In every community there is a small group of well-known people whose private lives - and especially their medical records - would be of potential interest or even possible financial value to certain people.
Recently a major settlement was reached between the U.S. Department of Health and Human Services (HHS) and UCLA Medical Center, over a breach of patient records. It involved the improper access of several high-profile/celebrity patient records - by multiple internal employees over many years.
This case is remarkable on several fronts.
First of all, the financial settlement amount was $865,000. While that might not be a bank-breaker for an organization as large as UCLA, that amount is far from trivial.
Second, the case is noteworthy - or maybe a more appropriate term is notorious - for its breadth and depth of both the overall timeframe during which the breaches occurred and the number and diversity of employees involved. The episodes of unauthorized access lasted for nearly five years - at least that we know of. According to news accounts, 70 or more current or former UCLA employees were involved. Some of them were motivated by mild curiosity, some by retribution, and some by greed. One employee was charged with selling the protected health information to a leading national tabloid; this high-level employee was fired and also pleaded guilty of federal felony charges. Another employee is alleged to have improperly accessed both celebrity and employee files over 300 times after he was terminated. He was sentenced to four months in prison, apparently the first person to face prison time over HIPAA violations.
Neither HHS nor UCLA have confirmed the names of the celebrities involved, but numerous reports have mentioned such names as Britney Spears, Michael Jackson, Farrah Fawcett, Maria Shriver, Arnold Schwarzenegger, and many others.
You might think this case has little to do with your practice or facility. After all, only Hollywood has this concentration of VIPs/celebrities. Better think again. In every community there is a small group of well-known people whose private lives - and especially their medical records - would be of potential interest or even possible financial value to certain people.
For example, we did some HIPAA security work some time back for a clinic in a small town. Most of the area clinics and providers - and many members of their staffs - had remote access into the local community hospital’s IT systems. A few months before our engagement there, and unrelated to it, there was apparently some kind of weekend altercation involving a well-known, high-profile local couple, and one of them ended up in the hospital ER.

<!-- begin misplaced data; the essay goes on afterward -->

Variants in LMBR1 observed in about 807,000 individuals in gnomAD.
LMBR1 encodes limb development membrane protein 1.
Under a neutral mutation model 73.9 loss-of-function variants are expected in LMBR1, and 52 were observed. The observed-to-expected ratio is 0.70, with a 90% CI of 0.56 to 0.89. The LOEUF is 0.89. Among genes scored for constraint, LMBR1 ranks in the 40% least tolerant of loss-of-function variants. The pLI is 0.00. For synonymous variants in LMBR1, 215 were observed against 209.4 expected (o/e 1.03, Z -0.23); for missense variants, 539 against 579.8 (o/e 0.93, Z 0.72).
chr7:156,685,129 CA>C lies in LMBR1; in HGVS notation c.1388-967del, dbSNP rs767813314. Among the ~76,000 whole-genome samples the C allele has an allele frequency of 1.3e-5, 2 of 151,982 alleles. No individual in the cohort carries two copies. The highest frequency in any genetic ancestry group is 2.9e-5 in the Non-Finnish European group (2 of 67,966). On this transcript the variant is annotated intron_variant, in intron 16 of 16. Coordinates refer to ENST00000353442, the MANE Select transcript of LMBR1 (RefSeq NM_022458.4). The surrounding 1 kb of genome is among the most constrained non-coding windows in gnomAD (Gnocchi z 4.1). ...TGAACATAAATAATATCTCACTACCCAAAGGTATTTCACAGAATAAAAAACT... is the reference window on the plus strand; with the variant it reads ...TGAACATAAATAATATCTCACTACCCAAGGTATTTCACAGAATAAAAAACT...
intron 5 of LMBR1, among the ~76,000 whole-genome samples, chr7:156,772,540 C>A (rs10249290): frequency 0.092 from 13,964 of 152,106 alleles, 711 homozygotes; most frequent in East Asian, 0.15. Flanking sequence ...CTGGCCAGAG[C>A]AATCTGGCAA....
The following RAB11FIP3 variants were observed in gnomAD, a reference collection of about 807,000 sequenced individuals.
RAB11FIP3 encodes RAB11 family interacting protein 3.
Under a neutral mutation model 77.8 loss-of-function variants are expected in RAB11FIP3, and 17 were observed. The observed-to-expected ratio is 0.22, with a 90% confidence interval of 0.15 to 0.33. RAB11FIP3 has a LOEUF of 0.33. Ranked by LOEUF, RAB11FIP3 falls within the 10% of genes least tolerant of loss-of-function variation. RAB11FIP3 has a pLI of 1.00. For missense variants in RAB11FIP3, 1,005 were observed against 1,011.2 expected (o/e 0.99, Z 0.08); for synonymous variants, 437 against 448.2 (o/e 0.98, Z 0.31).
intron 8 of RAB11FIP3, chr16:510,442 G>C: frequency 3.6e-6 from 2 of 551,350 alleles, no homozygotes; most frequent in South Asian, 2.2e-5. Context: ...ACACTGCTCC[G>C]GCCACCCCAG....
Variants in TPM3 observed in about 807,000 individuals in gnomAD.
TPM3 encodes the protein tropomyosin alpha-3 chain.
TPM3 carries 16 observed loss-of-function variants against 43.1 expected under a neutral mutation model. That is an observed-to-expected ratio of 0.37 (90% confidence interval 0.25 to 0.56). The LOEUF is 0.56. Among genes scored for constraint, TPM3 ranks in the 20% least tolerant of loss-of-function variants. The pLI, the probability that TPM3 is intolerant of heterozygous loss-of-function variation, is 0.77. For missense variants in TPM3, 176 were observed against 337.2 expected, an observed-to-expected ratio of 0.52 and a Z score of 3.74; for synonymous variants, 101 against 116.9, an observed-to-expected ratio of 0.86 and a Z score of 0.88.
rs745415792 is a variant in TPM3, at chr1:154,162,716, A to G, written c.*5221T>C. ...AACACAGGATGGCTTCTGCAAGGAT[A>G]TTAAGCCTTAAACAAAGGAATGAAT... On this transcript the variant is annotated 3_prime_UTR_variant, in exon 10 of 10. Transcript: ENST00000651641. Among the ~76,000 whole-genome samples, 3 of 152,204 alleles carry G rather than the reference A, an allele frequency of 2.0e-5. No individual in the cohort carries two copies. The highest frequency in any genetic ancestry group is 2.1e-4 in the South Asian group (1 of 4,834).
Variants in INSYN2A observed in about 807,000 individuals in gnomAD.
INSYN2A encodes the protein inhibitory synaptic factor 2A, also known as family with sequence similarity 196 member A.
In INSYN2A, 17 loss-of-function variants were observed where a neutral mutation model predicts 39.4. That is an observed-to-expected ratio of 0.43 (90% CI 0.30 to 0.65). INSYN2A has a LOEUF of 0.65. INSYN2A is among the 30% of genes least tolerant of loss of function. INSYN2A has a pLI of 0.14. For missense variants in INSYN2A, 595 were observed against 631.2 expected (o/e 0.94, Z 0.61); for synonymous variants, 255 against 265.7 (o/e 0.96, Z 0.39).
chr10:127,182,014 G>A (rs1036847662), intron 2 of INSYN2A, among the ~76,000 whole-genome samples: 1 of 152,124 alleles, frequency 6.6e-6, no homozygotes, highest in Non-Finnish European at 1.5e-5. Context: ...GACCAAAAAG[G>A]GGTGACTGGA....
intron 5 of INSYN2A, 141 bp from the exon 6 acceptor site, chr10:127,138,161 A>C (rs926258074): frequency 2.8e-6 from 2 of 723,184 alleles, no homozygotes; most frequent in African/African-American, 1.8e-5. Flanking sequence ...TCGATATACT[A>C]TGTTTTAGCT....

By Monday morning there had been over 100 different remote logins to the hospital’s electronic record system. It probably wasn’t a single provider checking the details on his/her patient … it was other people in town, no doubt merely curious or looking for gossip fodder.
The lesson for you? Make sure you train your staff to be aware of HIPAA Privacy and Security rules (the two are different and both are critically important - HIPAA Privacy governs paper records and HIPAA Security covers electronic records). Second, make sure they clearly understand that unless they have a legitimate business or medical reason to access a medical record - in either paper or electronic form -they are expressly prohibited from doing so.
Here is a simple and straightforward exercise to bring this point home to your staff, the next time you get together for HIPAA training, make a list of four or five famous people in your community. Think not only of your mayor or governor, but famous sports figures, successful business leaders, leading socialites, and the like. Then ask your staff to think how cool it would be if one of those famous people came into your facility. Just think of the recognition it would bring, the prestige, the fame. Then think about what would happen if your medical facility ended up in the news, connected to one of these famous people, but in the wrong kind of way.
Your staff will probably get the idea.
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